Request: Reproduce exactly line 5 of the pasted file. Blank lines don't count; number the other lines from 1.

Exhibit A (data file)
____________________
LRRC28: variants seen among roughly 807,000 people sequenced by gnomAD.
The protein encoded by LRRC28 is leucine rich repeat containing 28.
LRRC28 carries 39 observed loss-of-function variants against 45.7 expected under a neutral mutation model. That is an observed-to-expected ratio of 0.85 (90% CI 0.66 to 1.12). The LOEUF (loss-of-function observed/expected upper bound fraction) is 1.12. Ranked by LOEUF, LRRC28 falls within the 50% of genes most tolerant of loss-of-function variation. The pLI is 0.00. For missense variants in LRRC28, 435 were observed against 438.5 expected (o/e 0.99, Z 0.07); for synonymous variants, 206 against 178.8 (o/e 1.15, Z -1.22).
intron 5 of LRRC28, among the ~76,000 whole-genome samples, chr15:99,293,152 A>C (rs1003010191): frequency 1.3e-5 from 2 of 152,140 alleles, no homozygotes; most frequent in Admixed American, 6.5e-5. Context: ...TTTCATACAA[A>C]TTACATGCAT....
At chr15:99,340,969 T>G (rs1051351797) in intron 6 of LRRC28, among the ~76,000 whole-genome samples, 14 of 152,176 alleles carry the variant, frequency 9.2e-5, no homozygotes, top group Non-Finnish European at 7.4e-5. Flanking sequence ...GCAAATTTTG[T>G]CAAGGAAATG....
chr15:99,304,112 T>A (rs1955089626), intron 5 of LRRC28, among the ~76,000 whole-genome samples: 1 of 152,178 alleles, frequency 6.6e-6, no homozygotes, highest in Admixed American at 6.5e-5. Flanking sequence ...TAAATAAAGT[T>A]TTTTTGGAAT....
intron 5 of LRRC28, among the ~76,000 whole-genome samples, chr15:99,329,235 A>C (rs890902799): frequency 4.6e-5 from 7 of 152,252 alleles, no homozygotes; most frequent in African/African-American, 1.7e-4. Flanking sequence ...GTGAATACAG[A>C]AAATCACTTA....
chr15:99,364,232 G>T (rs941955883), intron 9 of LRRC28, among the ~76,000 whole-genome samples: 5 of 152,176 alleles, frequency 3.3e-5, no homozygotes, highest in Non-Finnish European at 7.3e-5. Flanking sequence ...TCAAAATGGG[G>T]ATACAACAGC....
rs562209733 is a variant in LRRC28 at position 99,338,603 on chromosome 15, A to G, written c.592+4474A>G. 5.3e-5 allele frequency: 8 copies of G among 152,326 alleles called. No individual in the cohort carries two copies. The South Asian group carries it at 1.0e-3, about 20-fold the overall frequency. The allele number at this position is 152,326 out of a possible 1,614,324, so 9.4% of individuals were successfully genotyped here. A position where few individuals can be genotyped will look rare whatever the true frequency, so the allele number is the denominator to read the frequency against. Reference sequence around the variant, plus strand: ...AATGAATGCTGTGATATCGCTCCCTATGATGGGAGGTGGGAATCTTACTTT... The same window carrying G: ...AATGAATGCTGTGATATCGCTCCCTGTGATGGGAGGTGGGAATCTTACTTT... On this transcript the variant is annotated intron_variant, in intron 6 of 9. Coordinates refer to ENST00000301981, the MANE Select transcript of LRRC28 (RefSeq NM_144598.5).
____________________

At chr15:99,340,969 T>G (rs1051351797) in intron 6 of LRRC28, among the ~76,000 whole-genome samples, 14 of 152,176 alleles carry the variant, frequency 9.2e-5, no homozygotes, top group Non-Finnish European at 7.4e-5. Flanking sequence ...GCAAATTTTG[T>G]CAAGGAAATG....